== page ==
Founded in 1824 on the banks of the wide, meandering Brisbane River, the
former penal colony of Brisbane was for many years regarded as just a big
country town. Many beautiful timber Queenslander homes, built in the 1800s,
still dot the riverbanks and inner suburbs, and in spring the city's numerous
parks erupt in a riot of colorful jacaranda, poinciana, and bougainvillea
blossoms. Today the Queensland capital is one of Australia's most up-and-coming
cities: glittering high-rises mark its polished business center, slick fashion
boutiques and restaurants abound, and numerous outdoor attractions beckon. In
summer, temperatures here are broilingly hot and days are often humid, a
reminder that this city is part of a subtropical region. Wear SPF 30-plus
sunscreen and a broad-brimmed hat outdoors, even on overcast days.
Brisbane's inner suburbs, a 5- to 10-minute drive or 15- to 20-minute walk from the city center, have a mix of intriguing eateries and quiet accommodations. Fortitude Valley combines Chinatown with a cosmopolitan mix of clubs, cafés, and boutiques. Spring Hill has several high-quality hotels, and Paddington, New Farm, Petrie Terrace, West End, and Woolloongabba are full of an eclectic mix of restaurants and bars. Brisbane is also a convenient base for trips to the Sunshine and Gold coasts, the mountainous hinterlands, and the Moreton Bay islands.
Brisbane's city-center landmarks—a mix of Victorian, Edwardian, and slick contemporary architecture—are best explored on foot. Most lie within the triangle formed by Ann Street and the bends of the Brisbane River. Streets running toward the river are named after female British royalty; those parallel to the river after male royalty. The well-tended South Bank precinct has riverfront parklands and cultural centers, alfresco cafés, and weekend markets. Upriver, the quiet, leafy suburb of Fig Tree Pocket is home to Australia's best-known koala sanctuary.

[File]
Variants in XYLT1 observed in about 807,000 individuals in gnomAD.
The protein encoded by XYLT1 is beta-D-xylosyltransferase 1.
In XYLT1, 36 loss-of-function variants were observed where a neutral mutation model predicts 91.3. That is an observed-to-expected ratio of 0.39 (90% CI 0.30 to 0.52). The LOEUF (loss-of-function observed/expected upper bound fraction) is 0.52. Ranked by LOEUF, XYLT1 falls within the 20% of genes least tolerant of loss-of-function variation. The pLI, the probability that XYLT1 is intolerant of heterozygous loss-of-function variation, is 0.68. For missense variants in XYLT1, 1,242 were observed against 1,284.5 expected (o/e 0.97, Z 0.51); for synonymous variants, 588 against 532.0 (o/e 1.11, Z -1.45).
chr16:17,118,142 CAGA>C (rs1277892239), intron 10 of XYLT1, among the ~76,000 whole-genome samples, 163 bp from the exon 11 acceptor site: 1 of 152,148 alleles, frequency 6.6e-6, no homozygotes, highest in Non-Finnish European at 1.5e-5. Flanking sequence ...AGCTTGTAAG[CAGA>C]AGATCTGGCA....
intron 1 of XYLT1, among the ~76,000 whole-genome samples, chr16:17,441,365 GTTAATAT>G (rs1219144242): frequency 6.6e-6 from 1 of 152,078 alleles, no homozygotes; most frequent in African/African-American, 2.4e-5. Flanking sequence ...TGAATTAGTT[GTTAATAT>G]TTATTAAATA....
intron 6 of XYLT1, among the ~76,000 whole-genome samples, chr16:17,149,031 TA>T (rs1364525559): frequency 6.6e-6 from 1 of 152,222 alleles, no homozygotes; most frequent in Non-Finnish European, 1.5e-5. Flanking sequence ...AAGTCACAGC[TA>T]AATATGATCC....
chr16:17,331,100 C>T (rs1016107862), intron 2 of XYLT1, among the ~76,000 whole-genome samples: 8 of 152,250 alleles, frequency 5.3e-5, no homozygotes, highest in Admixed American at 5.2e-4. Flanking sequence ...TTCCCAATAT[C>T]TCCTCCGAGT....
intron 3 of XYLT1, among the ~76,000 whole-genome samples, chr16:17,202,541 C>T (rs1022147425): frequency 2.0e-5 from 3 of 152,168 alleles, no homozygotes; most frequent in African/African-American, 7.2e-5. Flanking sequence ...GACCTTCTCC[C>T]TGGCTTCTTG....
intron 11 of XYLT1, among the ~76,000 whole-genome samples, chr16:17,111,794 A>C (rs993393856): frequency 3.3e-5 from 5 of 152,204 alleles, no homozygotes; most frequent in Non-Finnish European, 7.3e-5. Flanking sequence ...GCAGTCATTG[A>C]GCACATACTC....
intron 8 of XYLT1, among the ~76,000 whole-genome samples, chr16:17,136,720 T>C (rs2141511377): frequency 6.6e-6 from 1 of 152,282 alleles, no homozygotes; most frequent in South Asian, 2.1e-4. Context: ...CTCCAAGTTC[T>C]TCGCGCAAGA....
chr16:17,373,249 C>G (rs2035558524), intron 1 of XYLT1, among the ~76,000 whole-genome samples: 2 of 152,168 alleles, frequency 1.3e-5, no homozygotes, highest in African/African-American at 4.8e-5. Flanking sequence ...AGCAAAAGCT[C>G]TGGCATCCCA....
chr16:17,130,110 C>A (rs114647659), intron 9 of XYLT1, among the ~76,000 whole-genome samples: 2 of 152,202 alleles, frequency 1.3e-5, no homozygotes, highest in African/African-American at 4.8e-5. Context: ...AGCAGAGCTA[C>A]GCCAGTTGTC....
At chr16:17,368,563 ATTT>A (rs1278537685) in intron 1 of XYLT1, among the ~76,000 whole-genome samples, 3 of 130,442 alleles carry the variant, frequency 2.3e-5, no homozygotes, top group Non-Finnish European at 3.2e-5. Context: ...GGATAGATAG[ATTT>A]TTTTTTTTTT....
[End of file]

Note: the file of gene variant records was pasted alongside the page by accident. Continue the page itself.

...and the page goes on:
In the past decade Brisbane has transformed from a culinary backwater into a city full of inventive dining options. Top chefs have decamped to Brisbane's best eateries, and are busy putting put a fresh subtropical spin on Modern Australian, pan-Asian, and Mediterranean cuisine.
Imaginative dishes capitalize on abundant regional produce: fine fresh seafood—notably the local delicacy, the Moreton Bay bug (a sweet-fleshed crustacean)—premium steak, Darling Downs lamb, cheeses, macadamia nuts, avocadoes, olives, and fruit, matched with fine regional wines.
Most of the city's hip cafés and smart fine dining establishments are clustered in West End, Fortitude Valley, New Farm, Teneriffe, and Petrie Terrace; you'll also find some excellent eateries in the city center and the riverfront South Bank precinct, and a smattering around the suburbs, particularly Rosalie, Paddington, Milton, and Ascot. For terrific fresh seafood, head for Brisbane's bay-side suburbs, such as Manly, Redcliffe, and Sandgate.
Typically, dining ambience is relaxed, seating is alfresco, and well-mannered children are welcomed.
Twenty years ago Brisbane's accommodation options consisted of a few big hotels and some welcoming but nondescript motels and B&Bs. These days the inner-city area bristles with luxury hotels and smart serviced-apartment complexes. There are also a few excellent boutique hotels, some cut-above B&Bs, and modern backpacker hotels giving pricier digs a run for their money. Many have good-value packages and seasonal and last-minute specials. Jump online for the best deals.